In this case, we learned that this brother/vendor accounted for 10% of the company’s purchases, but 20% of the payables—so, some potential for more favorable than market payment terms for the listed stock and why not, if the brother is a large shareholder of the listed company? What’s more, after the company invested $6 million into a joint venture that had multiple construction and regulatory approval delays—guess who was there to buy them out at their initial investment of $6 million plus interest? Again, the brother. So, we do spend a lot of time to assess governance and the ethical landscape of companies and seek to avoid situations like this where we as the shareholders might be paying the price for some of these family relationships that are a little too close.

FG: Charlie, as you’ve always said, the devil’s in the details.

CD: Yes, and that’s the concept of accountability. The veracity of the statements, the governance, are such an important factor, and it goes back to my mentor, Abe Briloff, whom we’ve discussed in the past.

FG: Charlie and Tim, thank you for a very timely update today on the Royce Small-Cap Special Equity Strategy, and we appreciate all of your time. Thank you.

CD: Thank you and thank our investors.

Important Disclosure Information

Average Annual Total Returns as of 3/31/2024 (%)

NET               GROSS
Small-Cap Special Equity 2.17 11.49 5.32 8.25 6.27 8.62 05/01/98  1.22  1.22
Russell 2000 Value
2.90 18.75 2.22 8.17 6.87 7.73 N/A  N/A  N/A
Russell 2000
5.18 19.71 -0.10 8.10 7.58 7.29 N/A  N/A  N/A
1 Not annualized.

All performance information reflects past performance, is presented on a total return basis, reflects the reinvestment of distributions, and does not reflect the deduction of taxes that a shareholder would pay on fund distributions or the redemption of fund shares. Past performance is no guarantee of future results. Investment return and principal value of an investment will fluctuate, so that shares may be worth more or less than their original cost when redeemed. Current month-end performance may be higher or lower than performance quoted and may be obtained at Operating expenses reflect the Fund's total annual operating expenses for the Investment Class as of the Fund's most current prospectus and include management fees and other expenses.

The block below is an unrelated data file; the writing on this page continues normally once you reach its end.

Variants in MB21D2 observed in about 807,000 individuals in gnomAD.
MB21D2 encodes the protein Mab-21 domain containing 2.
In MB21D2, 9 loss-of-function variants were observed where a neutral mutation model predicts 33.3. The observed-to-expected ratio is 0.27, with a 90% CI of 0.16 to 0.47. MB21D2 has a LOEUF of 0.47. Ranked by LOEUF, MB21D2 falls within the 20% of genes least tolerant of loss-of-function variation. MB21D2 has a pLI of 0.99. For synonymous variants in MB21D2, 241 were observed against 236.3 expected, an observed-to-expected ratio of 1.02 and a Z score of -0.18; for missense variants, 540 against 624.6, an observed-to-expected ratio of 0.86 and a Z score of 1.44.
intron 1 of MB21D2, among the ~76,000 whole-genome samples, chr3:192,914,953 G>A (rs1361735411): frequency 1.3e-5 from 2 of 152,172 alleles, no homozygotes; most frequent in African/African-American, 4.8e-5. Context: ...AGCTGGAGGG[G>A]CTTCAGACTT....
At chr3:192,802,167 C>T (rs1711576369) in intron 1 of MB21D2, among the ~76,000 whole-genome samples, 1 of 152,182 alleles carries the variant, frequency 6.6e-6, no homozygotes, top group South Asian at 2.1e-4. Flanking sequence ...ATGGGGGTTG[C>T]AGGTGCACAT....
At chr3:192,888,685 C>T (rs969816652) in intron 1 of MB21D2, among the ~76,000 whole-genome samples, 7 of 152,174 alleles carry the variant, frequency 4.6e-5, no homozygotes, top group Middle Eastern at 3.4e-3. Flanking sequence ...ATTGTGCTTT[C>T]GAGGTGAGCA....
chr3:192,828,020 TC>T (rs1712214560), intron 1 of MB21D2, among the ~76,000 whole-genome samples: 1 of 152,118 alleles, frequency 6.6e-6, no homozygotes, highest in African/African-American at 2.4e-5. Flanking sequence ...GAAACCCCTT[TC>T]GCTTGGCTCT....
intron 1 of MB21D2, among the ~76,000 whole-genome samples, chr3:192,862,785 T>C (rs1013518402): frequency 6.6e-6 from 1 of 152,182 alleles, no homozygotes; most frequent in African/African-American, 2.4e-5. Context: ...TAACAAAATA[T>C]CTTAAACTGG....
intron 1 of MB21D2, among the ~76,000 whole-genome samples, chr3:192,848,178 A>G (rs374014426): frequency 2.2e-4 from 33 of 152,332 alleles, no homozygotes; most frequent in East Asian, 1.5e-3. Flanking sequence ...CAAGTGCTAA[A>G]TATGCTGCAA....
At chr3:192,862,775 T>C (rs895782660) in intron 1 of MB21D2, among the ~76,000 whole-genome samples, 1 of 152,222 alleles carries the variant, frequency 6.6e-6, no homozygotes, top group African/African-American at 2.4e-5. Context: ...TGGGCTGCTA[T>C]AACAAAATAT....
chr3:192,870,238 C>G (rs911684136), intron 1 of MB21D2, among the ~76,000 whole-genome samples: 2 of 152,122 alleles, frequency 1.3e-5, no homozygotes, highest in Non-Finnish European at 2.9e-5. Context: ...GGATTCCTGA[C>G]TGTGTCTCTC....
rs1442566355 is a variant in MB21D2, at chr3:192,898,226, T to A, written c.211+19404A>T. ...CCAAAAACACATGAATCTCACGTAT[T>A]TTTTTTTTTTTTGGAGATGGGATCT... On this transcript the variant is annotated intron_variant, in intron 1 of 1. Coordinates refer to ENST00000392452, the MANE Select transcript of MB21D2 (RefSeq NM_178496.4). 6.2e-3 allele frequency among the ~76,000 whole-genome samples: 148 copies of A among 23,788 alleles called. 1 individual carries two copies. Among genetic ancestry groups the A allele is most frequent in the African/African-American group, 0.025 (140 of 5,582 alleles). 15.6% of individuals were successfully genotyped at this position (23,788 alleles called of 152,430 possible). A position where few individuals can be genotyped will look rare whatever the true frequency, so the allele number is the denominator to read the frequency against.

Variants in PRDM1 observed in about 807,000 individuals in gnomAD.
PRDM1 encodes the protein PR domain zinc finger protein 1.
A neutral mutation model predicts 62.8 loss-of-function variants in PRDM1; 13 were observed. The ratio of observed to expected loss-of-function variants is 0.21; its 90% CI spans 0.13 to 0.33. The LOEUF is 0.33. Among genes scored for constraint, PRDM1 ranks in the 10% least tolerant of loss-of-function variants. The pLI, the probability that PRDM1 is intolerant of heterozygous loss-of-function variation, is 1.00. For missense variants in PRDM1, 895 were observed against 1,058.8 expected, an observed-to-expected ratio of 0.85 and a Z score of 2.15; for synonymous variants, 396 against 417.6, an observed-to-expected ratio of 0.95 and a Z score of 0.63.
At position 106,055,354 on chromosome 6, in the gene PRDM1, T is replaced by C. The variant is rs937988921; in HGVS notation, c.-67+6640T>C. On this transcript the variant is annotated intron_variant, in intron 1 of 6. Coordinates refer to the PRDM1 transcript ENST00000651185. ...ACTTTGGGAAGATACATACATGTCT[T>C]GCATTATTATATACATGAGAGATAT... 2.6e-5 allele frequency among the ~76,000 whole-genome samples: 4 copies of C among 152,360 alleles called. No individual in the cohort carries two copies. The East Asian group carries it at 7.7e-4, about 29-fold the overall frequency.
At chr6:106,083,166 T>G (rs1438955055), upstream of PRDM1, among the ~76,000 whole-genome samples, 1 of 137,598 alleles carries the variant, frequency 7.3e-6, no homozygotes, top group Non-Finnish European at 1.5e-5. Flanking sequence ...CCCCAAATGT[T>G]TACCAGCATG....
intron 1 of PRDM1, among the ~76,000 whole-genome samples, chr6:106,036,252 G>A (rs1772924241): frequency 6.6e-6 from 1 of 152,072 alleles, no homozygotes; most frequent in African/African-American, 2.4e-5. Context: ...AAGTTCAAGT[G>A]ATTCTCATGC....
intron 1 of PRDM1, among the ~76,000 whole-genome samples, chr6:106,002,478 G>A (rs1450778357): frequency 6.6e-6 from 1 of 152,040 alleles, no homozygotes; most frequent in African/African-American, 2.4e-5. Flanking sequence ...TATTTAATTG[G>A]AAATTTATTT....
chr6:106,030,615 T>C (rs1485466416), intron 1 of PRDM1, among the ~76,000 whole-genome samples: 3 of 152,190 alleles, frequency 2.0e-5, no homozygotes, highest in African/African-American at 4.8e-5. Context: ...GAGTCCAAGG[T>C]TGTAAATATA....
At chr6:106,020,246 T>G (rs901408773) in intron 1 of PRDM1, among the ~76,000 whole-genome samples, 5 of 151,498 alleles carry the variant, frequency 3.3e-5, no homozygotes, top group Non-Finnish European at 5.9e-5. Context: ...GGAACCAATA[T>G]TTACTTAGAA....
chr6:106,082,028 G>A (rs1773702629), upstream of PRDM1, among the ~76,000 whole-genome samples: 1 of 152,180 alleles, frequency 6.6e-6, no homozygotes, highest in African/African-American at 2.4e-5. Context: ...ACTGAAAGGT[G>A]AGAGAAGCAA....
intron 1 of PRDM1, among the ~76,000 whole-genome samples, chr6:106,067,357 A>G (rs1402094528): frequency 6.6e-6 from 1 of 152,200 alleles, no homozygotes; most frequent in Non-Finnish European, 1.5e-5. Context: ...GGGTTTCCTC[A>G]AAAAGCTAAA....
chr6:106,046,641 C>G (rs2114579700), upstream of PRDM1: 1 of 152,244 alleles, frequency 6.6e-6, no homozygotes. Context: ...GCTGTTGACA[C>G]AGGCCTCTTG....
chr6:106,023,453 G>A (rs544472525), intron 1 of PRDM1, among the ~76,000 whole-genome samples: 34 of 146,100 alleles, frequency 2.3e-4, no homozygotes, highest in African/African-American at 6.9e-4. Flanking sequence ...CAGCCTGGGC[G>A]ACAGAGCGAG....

Mr. Dreifus’s, Mr. Hipskind’s, and Mr. Gannon’s thoughts and opinions concerning the stock market are solely their own and, of course, there can be no assurance with regard to future market movements. No assurance can be given that the past performance trends as outlined above will continue in the future.

The performance data and trends outlined in this presentation are presented for illustrative purposes only. Past performance is no guarantee of future results. Historical market trends are not necessarily indicative of future market movements.

Percentage of Fund Holdings As of 3/31/24 (%)

  Small-Cap Special Equity

United States Lime & Minerals


Standard Motor Products




Encore Wire


U.S. Silica Holdings




Company examples are for illustrative purposes only. This does not constitute a recommendation to buy or sell any stock. There can be no assurance that the securities mentioned in this piece will be included in any Fund’s portfolio in the future.

Frank Russell Company (“Russell”) is the source and owner of the trademarks, service marks and copyrights related to the Russell Indexes. Russell® is a trademark of Frank Russell Company. Neither Russell nor its licensors accept any liability for any errors or omissions in the Russell Indexes and/or Russell ratings or underlying data and no party may rely on any Russell Indexes and/or Russell ratings and/or underlying data contained in this communication. No further distribution of Russell Data is permitted without Russell’s express written consent. Russell does not promote, sponsor or endorse the content of this communication. The Russell 2000 Value and Growth indices consist of the respective value and growth stocks within the Russell 2000 as determined by Russell Investments. The Russell 2000 is an unmanaged, capitalization-weighted index of domestic small-cap stocks. It measures the performance of the 2,000 smallest publicly traded U.S. companies in the Russell 3000 index. The performance of an index does not represent exactly any particular investment, as you cannot invest directly in an index.

This material is not authorized for distribution unless preceded or accompanied by a current prospectus. Please read the prospectus carefully before investing or sending money. The Fund invests primarily in small-cap stocks which may involve considerably more risk than investing in larger-cap stocks. (Please see "Primary Risks for Fund Investors" in the prospectus.) As of 3/31/24, the Fund invested a significant portion of its assets in a limited number of stocks, which may involve considerably more risk than more broadly diversified portfolio because a decline in the value of any one of these stocks would cause the Fund's overall value to decline to a greater degree. (Please see "Primary Risks for Fund Investors" in the prospectus.)